Are Trash Bags Recyclable? It’s Complicated!

Are trash bags recyclable? Well yes, but the answer is not so straightforward. And, like the answer to “are coffee pods recyclable?” you may not like what you find. But we totally understand why you might be wondering since we are also well aware of how dealing with trash (and trash bags) can be a serious struggle.

Especially when trying on a more sustainable lifestyle or trying to go zero waste entirely. And if you, like me, are doing your best to tackle the seemingly infinite number of things we appear to have gotten totally wrong when it comes to everyday life, go ahead and give yourself a pat on the back for even trying! We love you all the more for it and thank you for doing what you can to reduce your environmental footprint.

As you might’ve heard, modern humans generate a tonne of waste – an estimated 2.01 billion tonnes a year to be exact – just by going about our day-to-day lives. Most of it is neither biodegradable nor compostable.

Why Is It Important To Know If You Can Recycle Trash Bags?

From this angle, we can really see why trash bags (and trash bins) are such an essential part of modern life and how we deal with all the waste we generate every day. So wondering about how to deal with them, and finding better alternatives like biodegradable vs. compostable trash bags is great. And that’s just what we’re getting into here. But first, let’s get down to some more of the nitty-gritty.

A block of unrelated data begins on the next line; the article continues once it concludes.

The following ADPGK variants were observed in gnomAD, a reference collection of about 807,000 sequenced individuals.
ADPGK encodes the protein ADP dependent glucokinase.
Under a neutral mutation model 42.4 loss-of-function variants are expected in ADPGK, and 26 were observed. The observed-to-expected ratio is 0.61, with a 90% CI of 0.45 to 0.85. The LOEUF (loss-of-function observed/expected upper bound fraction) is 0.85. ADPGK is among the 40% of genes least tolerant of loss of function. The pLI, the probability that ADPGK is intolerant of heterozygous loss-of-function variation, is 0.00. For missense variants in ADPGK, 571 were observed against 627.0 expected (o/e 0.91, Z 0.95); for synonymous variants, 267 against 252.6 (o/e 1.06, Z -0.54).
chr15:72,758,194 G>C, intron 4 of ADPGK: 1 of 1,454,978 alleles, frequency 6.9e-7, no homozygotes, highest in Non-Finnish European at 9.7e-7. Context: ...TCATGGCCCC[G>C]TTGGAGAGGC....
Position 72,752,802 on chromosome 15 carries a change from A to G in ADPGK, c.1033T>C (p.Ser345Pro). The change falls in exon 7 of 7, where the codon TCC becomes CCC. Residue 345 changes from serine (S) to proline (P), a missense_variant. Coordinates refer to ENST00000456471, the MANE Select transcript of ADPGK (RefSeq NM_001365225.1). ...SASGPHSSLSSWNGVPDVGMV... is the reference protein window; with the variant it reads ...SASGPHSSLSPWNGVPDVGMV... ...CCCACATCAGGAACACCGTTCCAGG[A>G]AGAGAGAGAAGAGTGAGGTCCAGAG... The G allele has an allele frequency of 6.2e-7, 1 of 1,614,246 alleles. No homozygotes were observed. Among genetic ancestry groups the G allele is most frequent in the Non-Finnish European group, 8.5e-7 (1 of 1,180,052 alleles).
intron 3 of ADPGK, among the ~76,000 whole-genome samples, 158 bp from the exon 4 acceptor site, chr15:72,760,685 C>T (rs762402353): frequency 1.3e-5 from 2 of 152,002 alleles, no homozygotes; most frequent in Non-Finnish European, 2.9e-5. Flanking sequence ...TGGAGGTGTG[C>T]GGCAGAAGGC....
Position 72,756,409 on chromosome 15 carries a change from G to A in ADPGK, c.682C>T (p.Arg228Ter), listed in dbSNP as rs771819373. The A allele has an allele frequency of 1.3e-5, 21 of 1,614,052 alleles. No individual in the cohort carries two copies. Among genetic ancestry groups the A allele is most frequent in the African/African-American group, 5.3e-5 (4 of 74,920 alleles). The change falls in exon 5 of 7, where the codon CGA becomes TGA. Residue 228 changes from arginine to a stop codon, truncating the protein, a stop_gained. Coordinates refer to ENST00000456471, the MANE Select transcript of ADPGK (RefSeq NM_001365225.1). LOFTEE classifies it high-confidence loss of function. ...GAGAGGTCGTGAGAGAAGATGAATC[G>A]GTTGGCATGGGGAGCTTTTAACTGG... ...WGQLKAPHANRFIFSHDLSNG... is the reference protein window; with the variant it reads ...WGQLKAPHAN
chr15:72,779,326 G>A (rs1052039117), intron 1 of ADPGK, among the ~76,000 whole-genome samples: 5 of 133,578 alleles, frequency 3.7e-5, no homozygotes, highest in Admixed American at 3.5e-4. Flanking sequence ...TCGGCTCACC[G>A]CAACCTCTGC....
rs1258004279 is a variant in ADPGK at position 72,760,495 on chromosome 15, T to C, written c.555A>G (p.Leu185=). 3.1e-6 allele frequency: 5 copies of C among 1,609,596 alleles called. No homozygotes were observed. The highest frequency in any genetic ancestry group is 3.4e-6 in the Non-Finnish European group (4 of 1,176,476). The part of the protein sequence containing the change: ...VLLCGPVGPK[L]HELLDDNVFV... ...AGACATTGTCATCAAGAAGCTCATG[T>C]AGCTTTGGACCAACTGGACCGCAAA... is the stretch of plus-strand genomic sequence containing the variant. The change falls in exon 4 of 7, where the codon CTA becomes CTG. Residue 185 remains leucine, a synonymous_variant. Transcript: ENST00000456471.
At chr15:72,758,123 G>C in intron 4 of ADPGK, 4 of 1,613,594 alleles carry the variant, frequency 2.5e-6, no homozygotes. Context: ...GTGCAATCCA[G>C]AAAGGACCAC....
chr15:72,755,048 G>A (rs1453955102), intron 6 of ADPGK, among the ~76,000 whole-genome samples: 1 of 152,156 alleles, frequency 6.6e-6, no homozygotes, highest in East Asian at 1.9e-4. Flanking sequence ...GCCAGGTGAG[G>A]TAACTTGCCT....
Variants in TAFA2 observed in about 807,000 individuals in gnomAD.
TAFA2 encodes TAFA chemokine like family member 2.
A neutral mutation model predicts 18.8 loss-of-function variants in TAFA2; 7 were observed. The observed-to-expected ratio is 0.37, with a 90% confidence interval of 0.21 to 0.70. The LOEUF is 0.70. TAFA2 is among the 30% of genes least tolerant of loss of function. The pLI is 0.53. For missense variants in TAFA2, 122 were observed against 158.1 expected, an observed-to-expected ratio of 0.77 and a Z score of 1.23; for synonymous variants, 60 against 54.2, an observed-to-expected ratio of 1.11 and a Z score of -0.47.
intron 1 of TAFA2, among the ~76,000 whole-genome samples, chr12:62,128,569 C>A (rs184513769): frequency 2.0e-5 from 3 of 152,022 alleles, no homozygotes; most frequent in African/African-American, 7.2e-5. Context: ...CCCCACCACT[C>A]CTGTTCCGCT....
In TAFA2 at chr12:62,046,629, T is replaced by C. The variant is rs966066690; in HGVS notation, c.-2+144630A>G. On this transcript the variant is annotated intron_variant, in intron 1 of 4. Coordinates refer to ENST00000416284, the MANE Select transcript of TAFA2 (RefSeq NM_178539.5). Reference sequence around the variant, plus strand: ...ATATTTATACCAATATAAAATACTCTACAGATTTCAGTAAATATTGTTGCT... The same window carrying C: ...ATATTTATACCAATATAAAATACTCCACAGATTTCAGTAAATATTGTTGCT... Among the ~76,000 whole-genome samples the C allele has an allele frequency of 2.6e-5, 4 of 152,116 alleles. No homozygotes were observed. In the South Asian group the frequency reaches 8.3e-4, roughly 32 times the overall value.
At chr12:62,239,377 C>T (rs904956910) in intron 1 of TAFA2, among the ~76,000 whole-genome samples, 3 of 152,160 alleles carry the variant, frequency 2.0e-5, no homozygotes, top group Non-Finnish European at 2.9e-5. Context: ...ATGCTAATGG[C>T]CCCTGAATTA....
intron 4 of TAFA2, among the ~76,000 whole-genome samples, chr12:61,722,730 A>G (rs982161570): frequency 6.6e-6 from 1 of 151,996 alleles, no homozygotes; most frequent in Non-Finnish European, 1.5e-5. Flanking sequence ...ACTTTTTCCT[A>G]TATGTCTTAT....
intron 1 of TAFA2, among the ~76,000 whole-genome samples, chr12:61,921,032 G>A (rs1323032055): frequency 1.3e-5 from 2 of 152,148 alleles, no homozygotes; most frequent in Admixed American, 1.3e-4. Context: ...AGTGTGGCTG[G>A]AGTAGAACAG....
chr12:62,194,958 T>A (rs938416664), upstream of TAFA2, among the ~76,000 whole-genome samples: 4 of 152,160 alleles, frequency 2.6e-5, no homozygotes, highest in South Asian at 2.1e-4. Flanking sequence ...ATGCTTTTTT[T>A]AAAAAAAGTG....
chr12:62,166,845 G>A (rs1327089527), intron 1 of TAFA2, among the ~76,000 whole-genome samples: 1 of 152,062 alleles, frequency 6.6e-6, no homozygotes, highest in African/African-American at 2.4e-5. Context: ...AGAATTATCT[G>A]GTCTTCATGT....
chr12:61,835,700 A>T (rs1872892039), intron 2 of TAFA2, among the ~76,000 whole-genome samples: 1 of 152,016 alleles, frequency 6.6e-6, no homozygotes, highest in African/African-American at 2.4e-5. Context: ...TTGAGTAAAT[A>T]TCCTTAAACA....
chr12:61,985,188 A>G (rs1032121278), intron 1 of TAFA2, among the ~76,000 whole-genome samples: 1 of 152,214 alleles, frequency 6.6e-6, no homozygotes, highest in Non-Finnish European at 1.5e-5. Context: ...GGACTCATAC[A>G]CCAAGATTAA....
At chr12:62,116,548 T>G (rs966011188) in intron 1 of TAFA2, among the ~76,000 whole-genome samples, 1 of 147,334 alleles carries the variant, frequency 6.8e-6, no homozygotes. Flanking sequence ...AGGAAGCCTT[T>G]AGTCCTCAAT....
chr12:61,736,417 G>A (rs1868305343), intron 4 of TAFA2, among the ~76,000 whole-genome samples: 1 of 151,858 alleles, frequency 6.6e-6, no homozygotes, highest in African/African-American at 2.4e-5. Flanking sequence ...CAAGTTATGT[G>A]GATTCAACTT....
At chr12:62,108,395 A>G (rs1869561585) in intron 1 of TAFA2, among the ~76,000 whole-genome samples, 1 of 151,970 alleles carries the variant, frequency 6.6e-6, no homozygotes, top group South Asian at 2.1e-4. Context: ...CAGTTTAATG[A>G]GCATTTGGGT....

Anyone who’s ever tried to go zero waste (or has managed to do it successfully — go you!) is acutely aware of how much trash we generate and how much we actually rely on our trash bins (and their trusty companion, the plastic trash bag).

By going zero waste, the idea is not to need any trash cans or trash bags in the home at all. Zero waste principles are based on the 5 R’s and the key components of waste management involve a good composting bin, an active compost pile (or composting pick-up service), new shopping habits, and the right zero waste swaps, and avoiding plastics like the plague! Quite the feat as you might imagine! 

Strike by municipal waste collection. Pin

We didn’t always generate as much waste as we do now though. Back in the 1960s, the Environmental Protection Agency (EPA) estimates that the US generated just under 100 million tonnes of municipal waste. By the 1990s, that number swelled to 208.3 million tonnes. And in 2018, the total amount of municipal solid waste (MSW) generated was estimated at 292.4 million tonnes.

There was an observable spike in the amount of plastic waste generated since the 1960s too. Back then, less than half a million tonnes of plastics were disposed of, compared to the 35 million tonnes accounted for in 2018, much of which went to landfills. Remember that these figures are just for the US alone. 

The US generates so much trash that some of its landfills are expected to run out of space by 2040. Similarly, in Canada, the City of Ottawa is currently figuring out how to get more people to adopt more sustainable habits when it comes to trash — by recycling and composting — to avoid having to build another landfill which is very costly